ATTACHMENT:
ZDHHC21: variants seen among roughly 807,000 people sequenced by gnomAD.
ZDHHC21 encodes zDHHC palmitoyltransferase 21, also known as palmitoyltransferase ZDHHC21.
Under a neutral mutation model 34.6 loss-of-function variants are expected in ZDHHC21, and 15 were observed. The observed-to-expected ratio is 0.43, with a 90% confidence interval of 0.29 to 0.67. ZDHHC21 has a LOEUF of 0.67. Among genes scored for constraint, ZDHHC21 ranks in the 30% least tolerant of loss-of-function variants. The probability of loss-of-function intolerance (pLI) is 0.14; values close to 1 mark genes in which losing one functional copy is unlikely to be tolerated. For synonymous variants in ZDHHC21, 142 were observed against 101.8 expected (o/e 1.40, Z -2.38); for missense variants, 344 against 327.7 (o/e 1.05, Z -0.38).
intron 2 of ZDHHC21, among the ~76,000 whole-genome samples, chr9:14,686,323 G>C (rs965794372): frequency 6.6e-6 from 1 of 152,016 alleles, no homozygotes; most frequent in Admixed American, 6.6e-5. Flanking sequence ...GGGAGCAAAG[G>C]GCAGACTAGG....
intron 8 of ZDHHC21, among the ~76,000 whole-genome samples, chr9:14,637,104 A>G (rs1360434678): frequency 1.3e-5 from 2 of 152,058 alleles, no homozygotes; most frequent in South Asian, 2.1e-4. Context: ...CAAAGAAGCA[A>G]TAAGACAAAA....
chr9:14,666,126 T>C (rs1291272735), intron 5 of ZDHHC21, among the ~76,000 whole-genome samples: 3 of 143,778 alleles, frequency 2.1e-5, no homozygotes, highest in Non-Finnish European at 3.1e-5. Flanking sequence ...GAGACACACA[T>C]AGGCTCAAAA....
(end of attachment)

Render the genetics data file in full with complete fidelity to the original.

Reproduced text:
ZDHHC21: variants seen among roughly 807,000 people sequenced by gnomAD.
ZDHHC21 encodes zDHHC palmitoyltransferase 21, also known as palmitoyltransferase ZDHHC21.
Under a neutral mutation model 34.6 loss-of-function variants are expected in ZDHHC21, and 15 were observed. The observed-to-expected ratio is 0.43, with a 90% confidence interval of 0.29 to 0.67. ZDHHC21 has a LOEUF of 0.67. Among genes scored for constraint, ZDHHC21 ranks in the 30% least tolerant of loss-of-function variants. The probability of loss-of-function intolerance (pLI) is 0.14; values close to 1 mark genes in which losing one functional copy is unlikely to be tolerated. For synonymous variants in ZDHHC21, 142 were observed against 101.8 expected (o/e 1.40, Z -2.38); for missense variants, 344 against 327.7 (o/e 1.05, Z -0.38).
intron 2 of ZDHHC21, among the ~76,000 whole-genome samples, chr9:14,686,323 G>C (rs965794372): frequency 6.6e-6 from 1 of 152,016 alleles, no homozygotes; most frequent in Admixed American, 6.6e-5. Flanking sequence ...GGGAGCAAAG[G>C]GCAGACTAGG....
intron 8 of ZDHHC21, among the ~76,000 whole-genome samples, chr9:14,637,104 A>G (rs1360434678): frequency 1.3e-5 from 2 of 152,058 alleles, no homozygotes; most frequent in South Asian, 2.1e-4. Context: ...CAAAGAAGCA[A>G]TAAGACAAAA....
chr9:14,666,126 T>C (rs1291272735), intron 5 of ZDHHC21, among the ~76,000 whole-genome samples: 3 of 143,778 alleles, frequency 2.1e-5, no homozygotes, highest in Non-Finnish European at 3.1e-5. Flanking sequence ...GAGACACACA[T>C]AGGCTCAAAA....